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The Law of Diminishing Returns

The Law of Diminishing Returns - Tucker® USA

My Store Admin |


When I think about the effort I put into a task, I unconsciously do a calculation about how much time it will take versus how much time it can take. For example, the last time I cleaned my bathroom, I dug the caulking out of my tub surround and then used a drill-powered brush to dig out all the residue and then I caulked it all back in. It took me three hours to clean a bathroom that normally takes a half hour or less. Does it look five times cleaner than normal? No, it doesn’t. It looks almost the same as it normally does. That extra effort was for me, because I knew this was a better way that will make the bathtub cleaner, better sealed, and easier to maintain for years to come.

That extra effort was my choice. And if I was charging someone for this work, I wouldn’t be able to charge much more for the three hours than I would for the half hour, because generally customers pay for results, not for the time you put in. But if you have employees and one of your employees spent three hours on doing a perfect job, you’d lose money. You would have to pay them for their time and yet you can only charge for the results.

That is the Law of Diminishing Returns. The more effort you put into a task, you will have shrinking gains on results and money for every segment of time you put into it.

This is a very hard concept for your workers and it represents a balance you have to maintain as a boss. On one end of the spectrum you’ll have crewmembers who will try to get away with doing the bare minimum, cutting corners, sacrificing quality for speed, and generally doing poorly. Customers will complain about the results and you’ll know immediately. On the other end of the spectrum, you’ll have workers who will spend so much time chasing perfection that the amount you can charge will never justify the time and effort expended. Customers, on the other hand, will love them and congratulate you on such a great employee. Of course, they are getting far more value than they are paying.

Both ends of the spectrum are harmful to your business.

Yes, I basically said that when you deliver too high of quality, your business will suffer as much as when you deliver too low.

This is a really hard concept to gauge. It requires a tight and consistent awareness of how long things should take and a measure of what level of quality is both the lowest and the highest you’ll accept. You can say that you only accept perfection as a slogan, but in practice that’s financial suicide.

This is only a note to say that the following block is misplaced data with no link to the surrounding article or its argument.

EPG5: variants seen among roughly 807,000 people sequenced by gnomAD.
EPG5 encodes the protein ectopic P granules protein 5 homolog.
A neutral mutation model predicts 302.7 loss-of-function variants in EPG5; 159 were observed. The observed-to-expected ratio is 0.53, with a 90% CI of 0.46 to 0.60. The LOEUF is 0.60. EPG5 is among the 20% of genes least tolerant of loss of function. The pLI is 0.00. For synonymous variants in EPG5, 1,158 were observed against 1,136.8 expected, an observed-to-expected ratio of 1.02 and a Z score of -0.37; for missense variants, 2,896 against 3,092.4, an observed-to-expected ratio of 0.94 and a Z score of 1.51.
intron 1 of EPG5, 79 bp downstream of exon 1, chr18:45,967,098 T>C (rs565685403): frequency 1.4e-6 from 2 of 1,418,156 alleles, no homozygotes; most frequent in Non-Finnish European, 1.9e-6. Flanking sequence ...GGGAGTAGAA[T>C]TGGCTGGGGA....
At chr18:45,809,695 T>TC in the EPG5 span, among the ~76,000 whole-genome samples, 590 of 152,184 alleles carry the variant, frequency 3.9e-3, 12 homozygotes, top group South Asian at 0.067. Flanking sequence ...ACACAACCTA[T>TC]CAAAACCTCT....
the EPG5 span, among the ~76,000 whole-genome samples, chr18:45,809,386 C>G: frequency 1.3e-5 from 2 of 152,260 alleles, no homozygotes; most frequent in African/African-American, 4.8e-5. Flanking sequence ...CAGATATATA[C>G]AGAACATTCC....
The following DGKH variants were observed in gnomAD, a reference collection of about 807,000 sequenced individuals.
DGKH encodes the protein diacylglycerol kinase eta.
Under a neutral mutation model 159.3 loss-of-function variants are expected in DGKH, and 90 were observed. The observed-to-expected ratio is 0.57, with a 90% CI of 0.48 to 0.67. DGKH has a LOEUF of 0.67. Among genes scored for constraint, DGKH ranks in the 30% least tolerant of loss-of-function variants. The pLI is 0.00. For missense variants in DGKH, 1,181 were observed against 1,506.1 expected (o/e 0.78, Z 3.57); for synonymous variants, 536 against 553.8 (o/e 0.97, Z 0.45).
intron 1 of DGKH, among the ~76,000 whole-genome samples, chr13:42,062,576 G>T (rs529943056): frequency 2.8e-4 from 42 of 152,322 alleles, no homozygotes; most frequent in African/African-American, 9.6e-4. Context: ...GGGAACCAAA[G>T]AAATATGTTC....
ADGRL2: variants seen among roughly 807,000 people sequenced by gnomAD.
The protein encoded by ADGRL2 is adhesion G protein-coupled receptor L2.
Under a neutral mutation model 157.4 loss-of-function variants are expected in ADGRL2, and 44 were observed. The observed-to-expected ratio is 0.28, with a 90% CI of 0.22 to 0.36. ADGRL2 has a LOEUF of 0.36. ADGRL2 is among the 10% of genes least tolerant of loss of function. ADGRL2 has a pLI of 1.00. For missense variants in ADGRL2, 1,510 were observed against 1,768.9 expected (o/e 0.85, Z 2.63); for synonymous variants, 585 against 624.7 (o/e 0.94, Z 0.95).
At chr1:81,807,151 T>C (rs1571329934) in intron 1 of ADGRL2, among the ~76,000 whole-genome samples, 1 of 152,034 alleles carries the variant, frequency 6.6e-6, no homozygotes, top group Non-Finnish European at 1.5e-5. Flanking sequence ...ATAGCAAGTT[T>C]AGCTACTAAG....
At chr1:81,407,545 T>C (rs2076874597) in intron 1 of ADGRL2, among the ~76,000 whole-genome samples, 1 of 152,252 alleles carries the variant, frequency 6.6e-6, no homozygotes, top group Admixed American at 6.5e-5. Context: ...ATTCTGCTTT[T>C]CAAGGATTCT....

You Missed a Spot

I can walk up to any window cleaning job done by any window cleaner in the world and I can find mistakes. It’s a craft and there are always going to be small imperfections no matter how hard you try. But that’s okay. To a customer without the training and experience that I have, the job is going to look fantastic and that’s the level of quality you want - to the level which exceeds your customer’s expectations. If you try to get it to a level where I’m not going to find errors you’re going to spend double or triple the amount of time.

So do you want to tell your team that they need to do a great job, but not a perfect job? No. You tell them to strive to do the best that they can, but then you put them on a time limit. Get used to saying, “That’s good enough.” When it is. Or even finding two or three marks and still saying, “Great job.”

When I give trainees their speed test, I have a set number of panes of glass they need to get done in two hours. Then I inspect the work and I try to look at it with the level of care a moderately picky client would have. I don’t want to overly criticize someone who’s learning with tiny problems pointed out because if they do try for absolute perfection, they’ll never reach a level of speed we need in order to make jobs profitable.

Finding that Balance

The reason it’s your business and you set the standards is that the area between good enough and too good (or too much time) is yours to define. Trying to explain that to your crew either by description, inspection, or example is your job as well. This is probably the hardest bit of judgment you’ll have to do, because you’re going to have to admit to yourself that you’re accepting something that’s less than perfect and that someone “could” do a better job if they really put forth the effort.

Back to the internet forums, you’ll see people all the time saying they are the best, the most perfect, and have the highest quality. Whether it’s true or not is open for debate, but when I see that, I always think that this is a person who hasn’t spent much time looking at their bottom line. They also haven’t paid much attention to what it is that their customers want and expect, instead imposing their own standards over that of those who pay the invoices.

Take some time and really look into it. Walk through a job that your tech did and look at it with the idea of good enough versus too much. Offer compliments even for jobs that aren’t perfect. Make suggestions and help your crew with their speed.

I’m here if you have questions.

Rick Wren

Photo by Christophe Hautier on Unsplash